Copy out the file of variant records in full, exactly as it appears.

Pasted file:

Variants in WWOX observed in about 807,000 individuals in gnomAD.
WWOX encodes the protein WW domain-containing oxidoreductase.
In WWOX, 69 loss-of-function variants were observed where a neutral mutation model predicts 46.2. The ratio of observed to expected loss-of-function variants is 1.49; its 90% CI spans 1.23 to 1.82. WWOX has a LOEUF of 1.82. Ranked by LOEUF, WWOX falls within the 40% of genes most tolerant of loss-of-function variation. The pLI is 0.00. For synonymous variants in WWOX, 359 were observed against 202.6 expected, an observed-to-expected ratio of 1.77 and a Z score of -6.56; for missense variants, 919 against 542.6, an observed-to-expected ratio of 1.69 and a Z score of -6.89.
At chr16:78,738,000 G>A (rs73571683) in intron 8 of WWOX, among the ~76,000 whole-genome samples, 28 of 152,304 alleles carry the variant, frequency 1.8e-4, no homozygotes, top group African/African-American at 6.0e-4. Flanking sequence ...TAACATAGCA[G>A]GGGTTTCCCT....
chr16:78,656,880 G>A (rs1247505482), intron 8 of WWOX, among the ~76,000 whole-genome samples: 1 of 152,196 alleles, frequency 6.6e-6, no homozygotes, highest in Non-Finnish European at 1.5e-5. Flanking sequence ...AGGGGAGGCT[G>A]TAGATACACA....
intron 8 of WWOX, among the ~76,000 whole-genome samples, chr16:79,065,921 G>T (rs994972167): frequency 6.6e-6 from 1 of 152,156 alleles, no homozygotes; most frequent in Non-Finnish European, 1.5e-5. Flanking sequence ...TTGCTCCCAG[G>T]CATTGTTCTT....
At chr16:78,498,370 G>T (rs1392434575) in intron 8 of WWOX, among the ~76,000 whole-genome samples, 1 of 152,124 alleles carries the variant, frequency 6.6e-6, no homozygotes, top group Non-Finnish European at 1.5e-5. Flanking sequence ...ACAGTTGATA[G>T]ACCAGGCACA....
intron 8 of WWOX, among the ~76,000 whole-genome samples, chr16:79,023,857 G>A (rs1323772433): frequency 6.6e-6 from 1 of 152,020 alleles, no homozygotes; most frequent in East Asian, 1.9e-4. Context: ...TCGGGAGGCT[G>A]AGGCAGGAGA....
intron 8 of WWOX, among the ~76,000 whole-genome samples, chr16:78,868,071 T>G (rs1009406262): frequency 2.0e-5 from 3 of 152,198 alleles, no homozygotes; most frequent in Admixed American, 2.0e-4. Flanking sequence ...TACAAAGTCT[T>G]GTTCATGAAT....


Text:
Variants in WWOX observed in about 807,000 individuals in gnomAD.
WWOX encodes the protein WW domain-containing oxidoreductase.
In WWOX, 69 loss-of-function variants were observed where a neutral mutation model predicts 46.2. The ratio of observed to expected loss-of-function variants is 1.49; its 90% CI spans 1.23 to 1.82. WWOX has a LOEUF of 1.82. Ranked by LOEUF, WWOX falls within the 40% of genes most tolerant of loss-of-function variation. The pLI is 0.00. For synonymous variants in WWOX, 359 were observed against 202.6 expected, an observed-to-expected ratio of 1.77 and a Z score of -6.56; for missense variants, 919 against 542.6, an observed-to-expected ratio of 1.69 and a Z score of -6.89.
At chr16:78,738,000 G>A (rs73571683) in intron 8 of WWOX, among the ~76,000 whole-genome samples, 28 of 152,304 alleles carry the variant, frequency 1.8e-4, no homozygotes, top group African/African-American at 6.0e-4. Flanking sequence ...TAACATAGCA[G>A]GGGTTTCCCT....
chr16:78,656,880 G>A (rs1247505482), intron 8 of WWOX, among the ~76,000 whole-genome samples: 1 of 152,196 alleles, frequency 6.6e-6, no homozygotes, highest in Non-Finnish European at 1.5e-5. Flanking sequence ...AGGGGAGGCT[G>A]TAGATACACA....
intron 8 of WWOX, among the ~76,000 whole-genome samples, chr16:79,065,921 G>T (rs994972167): frequency 6.6e-6 from 1 of 152,156 alleles, no homozygotes; most frequent in Non-Finnish European, 1.5e-5. Flanking sequence ...TTGCTCCCAG[G>T]CATTGTTCTT....
At chr16:78,498,370 G>T (rs1392434575) in intron 8 of WWOX, among the ~76,000 whole-genome samples, 1 of 152,124 alleles carries the variant, frequency 6.6e-6, no homozygotes, top group Non-Finnish European at 1.5e-5. Flanking sequence ...ACAGTTGATA[G>T]ACCAGGCACA....
intron 8 of WWOX, among the ~76,000 whole-genome samples, chr16:79,023,857 G>A (rs1323772433): frequency 6.6e-6 from 1 of 152,020 alleles, no homozygotes; most frequent in East Asian, 1.9e-4. Context: ...TCGGGAGGCT[G>A]AGGCAGGAGA....
intron 8 of WWOX, among the ~76,000 whole-genome samples, chr16:78,868,071 T>G (rs1009406262): frequency 2.0e-5 from 3 of 152,198 alleles, no homozygotes; most frequent in Admixed American, 2.0e-4. Flanking sequence ...TACAAAGTCT[T>G]GTTCATGAAT....